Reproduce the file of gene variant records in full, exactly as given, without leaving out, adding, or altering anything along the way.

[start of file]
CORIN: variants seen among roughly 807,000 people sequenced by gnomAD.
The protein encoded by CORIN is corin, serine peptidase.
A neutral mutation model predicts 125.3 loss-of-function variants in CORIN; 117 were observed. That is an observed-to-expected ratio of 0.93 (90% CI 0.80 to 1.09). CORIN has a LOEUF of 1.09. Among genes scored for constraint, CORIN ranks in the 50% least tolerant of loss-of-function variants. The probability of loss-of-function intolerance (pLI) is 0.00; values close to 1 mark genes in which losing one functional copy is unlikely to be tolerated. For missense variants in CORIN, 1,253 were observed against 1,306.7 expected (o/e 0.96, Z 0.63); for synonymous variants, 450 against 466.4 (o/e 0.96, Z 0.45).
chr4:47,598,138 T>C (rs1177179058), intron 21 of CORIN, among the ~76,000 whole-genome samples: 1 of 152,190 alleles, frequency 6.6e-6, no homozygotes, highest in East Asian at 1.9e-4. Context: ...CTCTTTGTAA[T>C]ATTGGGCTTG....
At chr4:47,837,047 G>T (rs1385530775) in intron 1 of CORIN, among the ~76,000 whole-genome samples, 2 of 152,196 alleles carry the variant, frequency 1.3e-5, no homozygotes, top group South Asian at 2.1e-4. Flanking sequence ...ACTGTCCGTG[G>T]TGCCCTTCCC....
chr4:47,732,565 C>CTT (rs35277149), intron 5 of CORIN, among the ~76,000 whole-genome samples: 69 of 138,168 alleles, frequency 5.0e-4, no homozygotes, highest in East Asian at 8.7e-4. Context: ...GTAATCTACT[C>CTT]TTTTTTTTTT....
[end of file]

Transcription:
CORIN: variants seen among roughly 807,000 people sequenced by gnomAD.
The protein encoded by CORIN is corin, serine peptidase.
A neutral mutation model predicts 125.3 loss-of-function variants in CORIN; 117 were observed. That is an observed-to-expected ratio of 0.93 (90% CI 0.80 to 1.09). CORIN has a LOEUF of 1.09. Among genes scored for constraint, CORIN ranks in the 50% least tolerant of loss-of-function variants. The probability of loss-of-function intolerance (pLI) is 0.00; values close to 1 mark genes in which losing one functional copy is unlikely to be tolerated. For missense variants in CORIN, 1,253 were observed against 1,306.7 expected (o/e 0.96, Z 0.63); for synonymous variants, 450 against 466.4 (o/e 0.96, Z 0.45).
chr4:47,598,138 T>C (rs1177179058), intron 21 of CORIN, among the ~76,000 whole-genome samples: 1 of 152,190 alleles, frequency 6.6e-6, no homozygotes, highest in East Asian at 1.9e-4. Context: ...CTCTTTGTAA[T>C]ATTGGGCTTG....
At chr4:47,837,047 G>T (rs1385530775) in intron 1 of CORIN, among the ~76,000 whole-genome samples, 2 of 152,196 alleles carry the variant, frequency 1.3e-5, no homozygotes, top group South Asian at 2.1e-4. Flanking sequence ...ACTGTCCGTG[G>T]TGCCCTTCCC....
chr4:47,732,565 C>CTT (rs35277149), intron 5 of CORIN, among the ~76,000 whole-genome samples: 69 of 138,168 alleles, frequency 5.0e-4, no homozygotes, highest in East Asian at 8.7e-4. Context: ...GTAATCTACT[C>CTT]TTTTTTTTTT....